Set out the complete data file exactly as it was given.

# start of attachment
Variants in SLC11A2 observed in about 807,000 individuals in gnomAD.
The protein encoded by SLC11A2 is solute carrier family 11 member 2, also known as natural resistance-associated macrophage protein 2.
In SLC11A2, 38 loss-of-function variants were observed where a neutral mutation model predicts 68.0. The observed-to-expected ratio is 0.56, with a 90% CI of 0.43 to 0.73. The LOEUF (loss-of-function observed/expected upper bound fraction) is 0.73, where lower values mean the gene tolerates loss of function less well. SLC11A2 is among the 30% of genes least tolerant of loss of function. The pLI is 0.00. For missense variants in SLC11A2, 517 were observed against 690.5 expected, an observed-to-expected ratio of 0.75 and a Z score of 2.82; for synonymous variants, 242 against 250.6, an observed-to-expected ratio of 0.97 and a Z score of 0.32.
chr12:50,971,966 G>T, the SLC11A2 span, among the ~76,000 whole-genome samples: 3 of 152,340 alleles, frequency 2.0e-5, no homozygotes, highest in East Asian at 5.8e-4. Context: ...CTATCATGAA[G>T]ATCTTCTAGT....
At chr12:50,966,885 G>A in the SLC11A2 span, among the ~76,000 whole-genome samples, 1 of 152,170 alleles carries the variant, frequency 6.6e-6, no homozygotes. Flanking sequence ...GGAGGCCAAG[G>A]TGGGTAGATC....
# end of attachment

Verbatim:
Variants in SLC11A2 observed in about 807,000 individuals in gnomAD.
The protein encoded by SLC11A2 is solute carrier family 11 member 2, also known as natural resistance-associated macrophage protein 2.
In SLC11A2, 38 loss-of-function variants were observed where a neutral mutation model predicts 68.0. The observed-to-expected ratio is 0.56, with a 90% CI of 0.43 to 0.73. The LOEUF (loss-of-function observed/expected upper bound fraction) is 0.73, where lower values mean the gene tolerates loss of function less well. SLC11A2 is among the 30% of genes least tolerant of loss of function. The pLI is 0.00. For missense variants in SLC11A2, 517 were observed against 690.5 expected, an observed-to-expected ratio of 0.75 and a Z score of 2.82; for synonymous variants, 242 against 250.6, an observed-to-expected ratio of 0.97 and a Z score of 0.32.
chr12:50,971,966 G>T, the SLC11A2 span, among the ~76,000 whole-genome samples: 3 of 152,340 alleles, frequency 2.0e-5, no homozygotes, highest in East Asian at 5.8e-4. Context: ...CTATCATGAA[G>T]ATCTTCTAGT....
At chr12:50,966,885 G>A in the SLC11A2 span, among the ~76,000 whole-genome samples, 1 of 152,170 alleles carries the variant, frequency 6.6e-6, no homozygotes. Flanking sequence ...GGAGGCCAAG[G>A]TGGGTAGATC....